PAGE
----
Our clinical research coordinators (CRCs) have a unique set of skills. Read on to learn the keys to success as a CRC at UPMC and to learn how you might fit into oncological clinical research!
At the top of the priority list, compassion is a non-negotiable characteristic in the field of clinical research. Particularly in the oncology realm, exhibiting the UPMC core value Caring & Listening is absolutely essential! CRC Amanda McFadden exemplifies the importance of compassion, saying, “What if it were me? I would want someone to go the extra mile, to do that one extra thing to help me!” Being able to picture yourself in your patients’ shoes and understanding their view points, wishes, and concerns is all part of practicing medicine with compassion.
CRCs take on an enormous amount of responsibility when consenting patients for new clinical trials. Maintaining a flexible attitude with both patients and co-workers is key to handling the variability associated with cancer treatment. Additionally, this flexible mindset provides balance and perspective when undertaking the numerous tasks for which CRCs are held accountable. Proactively preparing to be flexible and adapt to change helps mitigate chaos when things don’t go as planned.
Juggling the aforementioned responsibilities requires extensive organizational skills! CRC supervisor Summer Drummond says that this career path is rewarding for many reasons, including “flexible hours, no holidays or weekend shifts, a large department with significant career growth opportunities, and close collaboration with physicians and medical personnel who hold CRCs’ opinions and capabilities in high regard.” Supportive management and flexible scheduling are two benefits which allow CRCs to maintain work-life balance amidst the hectic demands of high-volume patient loads.
That said, with great benefits come great responsibility to efficiently and effectively accomplish tasks while on the clock. CRC Jamie Jackson comments, “You must be able to multi-task, work at a fast pace under pressure, and handle stress well!” Remaining ahead of the curve by taking advantage of UPMC’s instrumental educational opportunities, as well as relying on co-workers for assistance, keeps the CRC team functioning at full-capacity.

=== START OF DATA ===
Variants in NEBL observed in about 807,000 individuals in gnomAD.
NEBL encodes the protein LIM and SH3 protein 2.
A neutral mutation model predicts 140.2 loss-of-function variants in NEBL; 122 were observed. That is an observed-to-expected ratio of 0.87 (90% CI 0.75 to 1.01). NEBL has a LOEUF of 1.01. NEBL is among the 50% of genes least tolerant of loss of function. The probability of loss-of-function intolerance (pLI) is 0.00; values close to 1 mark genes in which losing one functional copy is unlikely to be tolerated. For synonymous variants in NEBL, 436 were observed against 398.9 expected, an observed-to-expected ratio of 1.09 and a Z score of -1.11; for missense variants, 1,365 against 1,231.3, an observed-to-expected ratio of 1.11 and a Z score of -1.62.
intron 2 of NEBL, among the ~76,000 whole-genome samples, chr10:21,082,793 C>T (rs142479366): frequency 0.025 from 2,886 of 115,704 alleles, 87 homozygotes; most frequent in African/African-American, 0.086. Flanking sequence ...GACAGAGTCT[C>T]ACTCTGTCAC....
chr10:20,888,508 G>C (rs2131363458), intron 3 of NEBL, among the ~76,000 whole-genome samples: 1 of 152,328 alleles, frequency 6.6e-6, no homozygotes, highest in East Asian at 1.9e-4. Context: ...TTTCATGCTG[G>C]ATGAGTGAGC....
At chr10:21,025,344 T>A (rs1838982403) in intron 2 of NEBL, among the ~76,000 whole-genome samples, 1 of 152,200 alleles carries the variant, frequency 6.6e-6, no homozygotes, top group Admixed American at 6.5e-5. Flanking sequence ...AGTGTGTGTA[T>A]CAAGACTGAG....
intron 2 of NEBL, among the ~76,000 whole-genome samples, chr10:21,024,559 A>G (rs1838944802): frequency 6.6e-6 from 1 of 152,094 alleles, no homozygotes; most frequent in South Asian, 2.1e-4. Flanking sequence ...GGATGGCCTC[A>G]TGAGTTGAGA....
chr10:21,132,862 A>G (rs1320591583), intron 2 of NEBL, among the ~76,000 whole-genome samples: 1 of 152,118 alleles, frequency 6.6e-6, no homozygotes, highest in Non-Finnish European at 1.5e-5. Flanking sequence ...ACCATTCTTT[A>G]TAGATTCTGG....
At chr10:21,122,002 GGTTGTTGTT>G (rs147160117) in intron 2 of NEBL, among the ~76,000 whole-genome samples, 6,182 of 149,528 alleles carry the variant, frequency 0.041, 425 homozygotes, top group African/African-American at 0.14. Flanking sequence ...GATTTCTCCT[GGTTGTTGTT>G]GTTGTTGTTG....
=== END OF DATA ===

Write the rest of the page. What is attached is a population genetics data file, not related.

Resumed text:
Though a career in clinical research can be stressful, it is overwhelmingly rewarding and worthwhile. Every clinical research coordinator develops self-motivation for a different reason! CRC Krystle Eaton loves her work, saying, “I enjoy the intellectual aspect and critical thinking of research, my patients, and all of the amazing things we are doing in cancer research to help patients fight and win against their diseases!”
Drummond is highly motivated, explaining that her work “provides hope to oncology patients who have exhausted all standard treatment possibilities,” and further shares, “I often have a hard time making myself go home, as I enjoy every part of my fast-paced, highly independent, ‘wear many hats’ nursing position.”
McFadden, motivated by seeing her patients improve, recalls one particularly rewarding experience: “One of my very young patients with metastatic melanoma had a partial response to treatment on two separate scans — it was amazing! I still remember his mother’s face when we told them the news!” Acknowledging success, seeking to understand the bigger picture, and setting future goals are all excellent ways to maintain self-motivation.
If these characteristics sound like you, we encourage you to explore our clinical research openings at UPMC!